Preparation of Recombinant Viruses
A plasmid transfer vector with a 7.5K vaccinia promoter flanked by viral thymidine kinase sequences (Chocran et al., 1985), modified by Bujard and co-workers (von Brunn et al., 1988) was linearized with BamHI and ClaI and blunt-ended. The cDNA of hCgB (2.5 kb) was released from vector pDS6/SgI (Benedum et al., 1987) by EcoRI/BamHI digestion, blunt-ended, and subcloned into the plasmid transfer vector under control of the 7.5-K promoter.
Recombinant virus was prepared using Hu143 TK− cells infected at 33°C for 2 h with Ts7 virus and transfected with a mixture of wt vaccinia virus DNA and recombinant plasmid essentially as described (Hänggi et al., 1986). The transfected cells were incubated for 2 d at the restrictive temperature (39.5°C) for Ts7 virus. Recombinant viruses were then further selected and plaque-purified on Hu143 TK− cells in the presence of 100 μg/ml 5-bromodeoxyuridine. Plaque-pure recombinants were tested for expression of hCgB on RK13 cells by immunofluorescence analysis with anti-hCgB antibody and metabolic labeling (see below).
vv:Δcys-hCgB, vv:AT, vv:wt-hCgB-EGFP.
A dominant selection system for recombinant viruses based on the xanthine-guanine phosphoribosyltransferase (gpt) gene of Escherichia coli was used (Falkner and Moss, 1988). Therefore, a gpt gene was introduced into the PstI site of the plasmid transfer vector (constructed by von Brunn et al., 1988). The transfer vector was linearized with PstI and blunt-ended. A DNA fragment encoding the gpt gene was obtained from the pEMBL-I3-gpt plasmid (kindly provided by H. Stunnenberg) after ClaI/EcoRI digestion. The fragment was blunt-ended and ligated into the prepared transfer vector, such that the 7.5-K promoter and the gpt promoter were oriented in opposite directions. In addition, a SalI site in the NH2-terminal region of the gpt gene was removed by partial digestion, treatment of the recessive ends by Klenow-polymerase, and religation. The resulting plasmid transfer vector, termed pAB, was used to generate three recombinant viruses. The vector was linearized with XhoI and SalI and blunt-ended. Δcys-hCgB was released from pCDM8/Δcys-hCgB by SalI/EcoRI digestion, α1-antitrypsin containing the tyrosine sulfation site of rat cholecystokinin precursor was released from pECE/A1PiTS (Leitinger et al., 1994) by HindIII/XbaI digestion and hCgB-EGFP (Kaether et al., 1997) was released from pSP73 by restriction with HindIII/EcoRI. Each fragment was blunt-ended and subcloned into pAB. Generation of recombinant virus and gpt+ selection was carried out as described (Falkner and Moss, 1988) except that recombinant viruses were generated in HuTK− cells and gpt+ selection was carried out with RK13 cells.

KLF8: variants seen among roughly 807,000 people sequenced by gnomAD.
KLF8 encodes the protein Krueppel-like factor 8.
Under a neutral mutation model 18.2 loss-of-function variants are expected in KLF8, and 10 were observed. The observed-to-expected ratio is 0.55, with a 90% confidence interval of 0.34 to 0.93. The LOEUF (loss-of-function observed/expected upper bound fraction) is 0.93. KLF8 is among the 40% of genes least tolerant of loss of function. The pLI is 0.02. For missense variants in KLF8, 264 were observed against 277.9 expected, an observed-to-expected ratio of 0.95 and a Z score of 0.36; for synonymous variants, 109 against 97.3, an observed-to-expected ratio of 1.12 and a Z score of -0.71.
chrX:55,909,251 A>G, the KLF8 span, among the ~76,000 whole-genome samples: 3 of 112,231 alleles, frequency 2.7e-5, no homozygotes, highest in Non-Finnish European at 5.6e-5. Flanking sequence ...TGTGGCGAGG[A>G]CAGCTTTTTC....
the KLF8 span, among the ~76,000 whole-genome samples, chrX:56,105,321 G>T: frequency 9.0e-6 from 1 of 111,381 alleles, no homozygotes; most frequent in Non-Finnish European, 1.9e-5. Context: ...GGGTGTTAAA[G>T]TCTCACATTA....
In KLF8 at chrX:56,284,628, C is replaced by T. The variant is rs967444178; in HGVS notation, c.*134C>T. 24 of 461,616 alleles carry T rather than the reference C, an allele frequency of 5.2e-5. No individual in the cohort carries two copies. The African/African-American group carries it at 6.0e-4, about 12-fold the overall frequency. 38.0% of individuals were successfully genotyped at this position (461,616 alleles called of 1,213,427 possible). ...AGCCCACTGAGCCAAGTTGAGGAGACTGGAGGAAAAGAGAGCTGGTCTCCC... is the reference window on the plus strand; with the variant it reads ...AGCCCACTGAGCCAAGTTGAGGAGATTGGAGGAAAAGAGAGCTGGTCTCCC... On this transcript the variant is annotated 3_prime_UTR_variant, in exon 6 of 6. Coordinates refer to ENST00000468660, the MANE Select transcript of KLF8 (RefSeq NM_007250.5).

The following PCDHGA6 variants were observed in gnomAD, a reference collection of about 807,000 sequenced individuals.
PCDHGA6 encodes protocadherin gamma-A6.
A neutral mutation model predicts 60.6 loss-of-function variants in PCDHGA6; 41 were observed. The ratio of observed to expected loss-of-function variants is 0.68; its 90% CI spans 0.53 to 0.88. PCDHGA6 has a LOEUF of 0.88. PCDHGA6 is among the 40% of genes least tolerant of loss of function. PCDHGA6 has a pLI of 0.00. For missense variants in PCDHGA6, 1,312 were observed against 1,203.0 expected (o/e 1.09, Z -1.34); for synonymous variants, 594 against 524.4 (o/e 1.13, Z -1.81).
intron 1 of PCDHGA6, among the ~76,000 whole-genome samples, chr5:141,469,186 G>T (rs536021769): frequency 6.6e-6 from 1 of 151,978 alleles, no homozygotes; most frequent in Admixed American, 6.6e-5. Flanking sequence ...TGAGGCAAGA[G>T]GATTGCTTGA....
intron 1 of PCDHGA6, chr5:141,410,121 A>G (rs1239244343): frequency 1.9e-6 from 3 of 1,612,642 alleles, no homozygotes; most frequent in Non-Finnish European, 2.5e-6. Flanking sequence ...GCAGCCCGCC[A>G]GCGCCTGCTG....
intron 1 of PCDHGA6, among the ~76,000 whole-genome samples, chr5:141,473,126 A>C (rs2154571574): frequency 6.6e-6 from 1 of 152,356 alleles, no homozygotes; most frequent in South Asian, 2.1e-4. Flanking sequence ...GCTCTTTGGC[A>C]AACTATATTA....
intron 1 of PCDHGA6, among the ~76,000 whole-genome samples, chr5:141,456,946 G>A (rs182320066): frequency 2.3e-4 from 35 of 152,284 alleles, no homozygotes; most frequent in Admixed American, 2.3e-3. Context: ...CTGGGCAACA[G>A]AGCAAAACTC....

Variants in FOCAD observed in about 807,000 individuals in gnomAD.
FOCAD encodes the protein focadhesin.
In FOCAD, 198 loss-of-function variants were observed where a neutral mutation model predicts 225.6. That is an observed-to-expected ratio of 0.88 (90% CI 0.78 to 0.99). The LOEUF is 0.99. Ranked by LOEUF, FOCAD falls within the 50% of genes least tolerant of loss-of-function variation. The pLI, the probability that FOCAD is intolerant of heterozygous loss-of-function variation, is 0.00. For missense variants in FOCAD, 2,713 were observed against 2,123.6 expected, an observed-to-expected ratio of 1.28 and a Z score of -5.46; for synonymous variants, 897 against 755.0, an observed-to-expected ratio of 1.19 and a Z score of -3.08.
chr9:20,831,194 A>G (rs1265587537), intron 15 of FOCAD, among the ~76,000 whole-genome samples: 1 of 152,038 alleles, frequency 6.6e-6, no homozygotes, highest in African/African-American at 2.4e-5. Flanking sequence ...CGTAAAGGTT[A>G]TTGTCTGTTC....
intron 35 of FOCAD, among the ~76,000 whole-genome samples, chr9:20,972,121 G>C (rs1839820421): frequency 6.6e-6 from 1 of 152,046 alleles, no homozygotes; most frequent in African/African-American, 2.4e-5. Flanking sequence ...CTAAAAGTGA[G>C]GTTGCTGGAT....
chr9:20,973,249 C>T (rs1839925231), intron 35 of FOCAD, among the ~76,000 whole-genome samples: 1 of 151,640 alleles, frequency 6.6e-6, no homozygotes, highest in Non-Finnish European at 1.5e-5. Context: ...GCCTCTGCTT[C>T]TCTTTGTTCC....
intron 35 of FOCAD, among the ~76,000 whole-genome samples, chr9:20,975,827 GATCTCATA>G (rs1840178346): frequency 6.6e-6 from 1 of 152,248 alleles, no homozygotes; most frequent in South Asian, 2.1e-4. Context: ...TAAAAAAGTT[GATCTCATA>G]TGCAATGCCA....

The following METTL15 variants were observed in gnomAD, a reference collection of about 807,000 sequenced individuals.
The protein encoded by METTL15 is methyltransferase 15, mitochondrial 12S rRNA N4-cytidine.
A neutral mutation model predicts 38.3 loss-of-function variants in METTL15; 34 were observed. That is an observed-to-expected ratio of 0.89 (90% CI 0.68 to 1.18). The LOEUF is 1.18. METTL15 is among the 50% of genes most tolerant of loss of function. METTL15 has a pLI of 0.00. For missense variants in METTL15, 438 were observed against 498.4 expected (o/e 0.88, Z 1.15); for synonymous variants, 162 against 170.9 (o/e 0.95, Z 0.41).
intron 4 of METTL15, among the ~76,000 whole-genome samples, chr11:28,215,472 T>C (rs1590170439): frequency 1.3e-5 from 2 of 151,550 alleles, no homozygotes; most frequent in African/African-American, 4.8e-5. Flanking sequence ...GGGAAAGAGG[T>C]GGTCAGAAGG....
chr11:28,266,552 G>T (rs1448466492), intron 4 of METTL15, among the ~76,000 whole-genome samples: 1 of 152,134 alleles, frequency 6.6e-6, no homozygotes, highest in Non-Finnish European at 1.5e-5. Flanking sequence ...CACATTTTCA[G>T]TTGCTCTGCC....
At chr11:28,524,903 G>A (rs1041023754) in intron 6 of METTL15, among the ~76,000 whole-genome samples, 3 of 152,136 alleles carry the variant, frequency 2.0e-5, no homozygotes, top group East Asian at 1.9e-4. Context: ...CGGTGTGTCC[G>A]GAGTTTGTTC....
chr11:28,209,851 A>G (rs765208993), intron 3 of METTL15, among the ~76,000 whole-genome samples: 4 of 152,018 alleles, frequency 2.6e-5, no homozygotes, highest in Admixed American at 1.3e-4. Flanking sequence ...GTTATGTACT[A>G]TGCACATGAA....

Viral Amplifications and Titrations
Vaccinia virus–infected RK13 cells were scraped into the medium 2.5 d post infection (PI), pelleted for 1 h at 31,000 g, resuspended in 10 mM Tris, pH 9.0, and lysed by Dounce homogenization. After low-speed centrifugation to remove nuclei, the virus was sedimented through a 36% sucrose cushion (10 mM Tris, pH 9.0) in an SW28 rotor (Beckman Instruments, Inc., Fullerton, CA) at 15,000 rpm for 1 h. The virus pellet was resuspended in PBS, briefly sonicated, and stored in aliquots at −20°C. Titer estimations of viral stocks were performed on RK13 cells by infecting confluent dishes with dilution series in complete culture medium.
PC12 cells were plated onto laminin-coated dishes (for metabolic labeling) or on poly(L)lysine-coated coverslips (for immunofluorescence) 5 d before infection. Single infections were done at 100 plaque-forming units per cell (pfu/cell) in complete growth medium containing 5 mM hydroxyurea. For double infections, vv:hCgB-EGFP was used at 400 pfu/cell to adjust the expression level to that of Δcys-hCgB, which was used at 100 pfu/cell. Hydroxyurea was present in the inoculum and in all subsequent culture media. After 1 h at 37°C and 10% CO2 with intermittent agitation, the inoculum was aspirated, the cells were washed with growth medium, and then propagated in complete growth medium. Standard infection times before analysis were 3 h. Deviations from these standard conditions are indicated in the figure legends.